For military applications, body-worn equipment must be able to withstand severe conditions to provide soldiers with invaluable real-time data when and where it matters. Ruggedised miniature connectors and cabling can perform in the most demanding environments while offering greater flexibility, discretion, and safety than ever before.

Future soldier systems

Future soldier systems can be as simple as cabling systems that can be woven into a uniform. Lightweight electronics and flexible cabling allow for normal movement while maintaining real-time data transfer. The transfer of data such as GPS coordinates is vital for soldiers operating in military environments.

Power distribution hubs enable soldiers to carry a single battery to power all their devices, rather than needing multiple backbreaking batteries. “With a power distribution hub, you have a single cable that’s going to the battery,” says Derek Hunt, North American sales director at Omnetics Connector Corporation. “The unit itself is distributing the power to each of the soldier’s electronic devices, even where each one requires different amperages and/or voltages.”

Thinking smaller

These military applications need connector and cabling solutions that won’t weigh a soldier down and will reduce visible shiny electronics on uniforms. Ever since the integrated circuit was developed in the 1950s, cables and connectors have become smaller and lighter.

“Being able to transfer the data and the power with a much smaller form factor allows a soldier to carry less weight, while still allowing the same data transmission rates,” explains Hunt. “Usually, with the smaller connectors, you’re able to improve some of the characteristics, such as ruggedness, as well as, in most cases, data rates.”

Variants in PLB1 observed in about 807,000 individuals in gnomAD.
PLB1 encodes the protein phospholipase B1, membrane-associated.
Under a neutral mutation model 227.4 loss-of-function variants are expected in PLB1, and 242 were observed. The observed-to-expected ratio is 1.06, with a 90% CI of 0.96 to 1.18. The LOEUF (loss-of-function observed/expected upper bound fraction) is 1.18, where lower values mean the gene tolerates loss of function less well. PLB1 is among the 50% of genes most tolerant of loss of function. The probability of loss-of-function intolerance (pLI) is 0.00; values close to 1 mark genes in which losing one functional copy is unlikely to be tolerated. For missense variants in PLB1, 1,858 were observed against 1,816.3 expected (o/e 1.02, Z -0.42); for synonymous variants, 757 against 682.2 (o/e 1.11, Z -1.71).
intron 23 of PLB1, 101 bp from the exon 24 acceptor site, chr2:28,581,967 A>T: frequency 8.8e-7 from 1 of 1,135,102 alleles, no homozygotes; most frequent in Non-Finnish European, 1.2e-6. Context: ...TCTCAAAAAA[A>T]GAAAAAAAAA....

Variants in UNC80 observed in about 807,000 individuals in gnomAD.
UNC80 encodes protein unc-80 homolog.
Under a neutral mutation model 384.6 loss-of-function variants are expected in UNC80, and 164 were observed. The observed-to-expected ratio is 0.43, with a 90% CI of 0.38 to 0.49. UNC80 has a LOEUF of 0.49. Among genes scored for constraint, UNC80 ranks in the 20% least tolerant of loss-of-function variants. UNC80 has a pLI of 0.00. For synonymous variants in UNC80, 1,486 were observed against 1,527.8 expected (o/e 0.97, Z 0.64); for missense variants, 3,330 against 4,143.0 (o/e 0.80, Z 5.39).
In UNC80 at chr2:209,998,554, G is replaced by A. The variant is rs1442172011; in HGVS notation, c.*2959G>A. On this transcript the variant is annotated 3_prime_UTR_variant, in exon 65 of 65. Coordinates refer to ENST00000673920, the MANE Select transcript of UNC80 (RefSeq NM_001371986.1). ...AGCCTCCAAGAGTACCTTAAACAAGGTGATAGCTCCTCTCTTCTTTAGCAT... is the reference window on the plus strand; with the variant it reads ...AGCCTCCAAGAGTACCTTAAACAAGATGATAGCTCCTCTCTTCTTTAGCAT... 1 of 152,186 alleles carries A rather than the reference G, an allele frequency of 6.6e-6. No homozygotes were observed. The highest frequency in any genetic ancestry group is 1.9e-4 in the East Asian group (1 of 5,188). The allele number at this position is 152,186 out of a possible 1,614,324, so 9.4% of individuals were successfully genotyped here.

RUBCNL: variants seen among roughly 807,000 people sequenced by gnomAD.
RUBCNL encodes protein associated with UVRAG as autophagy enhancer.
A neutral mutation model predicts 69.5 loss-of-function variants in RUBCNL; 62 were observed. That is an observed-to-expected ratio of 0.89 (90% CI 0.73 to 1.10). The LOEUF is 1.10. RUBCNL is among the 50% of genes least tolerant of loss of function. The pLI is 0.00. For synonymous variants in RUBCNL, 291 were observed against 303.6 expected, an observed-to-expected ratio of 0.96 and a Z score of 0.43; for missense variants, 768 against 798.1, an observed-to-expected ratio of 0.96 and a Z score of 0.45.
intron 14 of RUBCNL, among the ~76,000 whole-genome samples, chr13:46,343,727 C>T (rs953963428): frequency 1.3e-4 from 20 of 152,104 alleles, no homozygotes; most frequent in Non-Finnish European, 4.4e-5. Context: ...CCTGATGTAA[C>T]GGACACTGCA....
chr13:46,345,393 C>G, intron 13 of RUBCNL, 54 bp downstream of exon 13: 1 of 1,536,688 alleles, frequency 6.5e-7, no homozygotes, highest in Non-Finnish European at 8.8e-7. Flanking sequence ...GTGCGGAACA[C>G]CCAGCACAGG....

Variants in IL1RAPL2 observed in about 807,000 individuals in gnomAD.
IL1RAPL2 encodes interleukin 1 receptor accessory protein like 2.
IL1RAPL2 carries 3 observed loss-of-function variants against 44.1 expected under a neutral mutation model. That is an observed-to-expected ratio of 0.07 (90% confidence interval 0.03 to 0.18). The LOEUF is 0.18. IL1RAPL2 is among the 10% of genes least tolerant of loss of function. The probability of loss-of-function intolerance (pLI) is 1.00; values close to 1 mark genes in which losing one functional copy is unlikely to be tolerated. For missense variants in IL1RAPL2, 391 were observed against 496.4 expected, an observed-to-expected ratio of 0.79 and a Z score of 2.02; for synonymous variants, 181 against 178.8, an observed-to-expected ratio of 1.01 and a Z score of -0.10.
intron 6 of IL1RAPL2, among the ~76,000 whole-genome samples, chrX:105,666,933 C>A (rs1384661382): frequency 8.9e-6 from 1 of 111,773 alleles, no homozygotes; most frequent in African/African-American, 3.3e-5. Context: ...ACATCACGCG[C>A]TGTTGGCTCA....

While commercial electronics with USB connections are readily available, they aren’t typically built for battlefield environments. Military specifications (MilSpecs) require electronic devices and their connectors to handle shock, vibration, temperature changes and prevent contaminant ingress.

“We can take that commercial technology in theory of what the data transmission requirements and wants are, and we can condense that all down into much more reliable interconnect solution,” says Hunt. “You can have the same data rates in a much smaller, much more ruggedised form factor that’s been proven to perform reliably against military or aeronautical specifications and testing requirements.”

The solution is choosing the right equipment, Hunt explains: “If you’re not utilising specific connectors, you might have to separately connect your interfaces for proper power and signal distribution”. Hybrid connectors enable power and signal to be delivered by a single connector configuration, saving size and weight by replacing two connectors with one.

The challenges

The smaller connectors become, the higher the chance of crosstalk and electromagnetic interference (EMI) issues, which can cause significant problems in extreme environments. Connector suppliers must rise to the challenge of maintaining electrical signal performance, even as cabling and connectors are miniaturised. At Omnetics, signal integrity engineers design components with these demands in mind.

 “We build all of our connectors families around MilSpecs,” says Hunt. “Being able to do testing to highlight performance on the back end of some of our secondary products really helps us usher new products to the market.”

By putting engineers at the forefront of the development progress, Omnetics ensures the best performance for the end user’s requirements.

“We can also help the end user by better understanding the environment that they are in, because the environment might dictate how we present a different type of cable, whether it’s a different level of flexibility or higher temperature cycling,” says Hunt. “We really embrace and double down on our customer service and really ensure that we give our customers the best solution that we can.”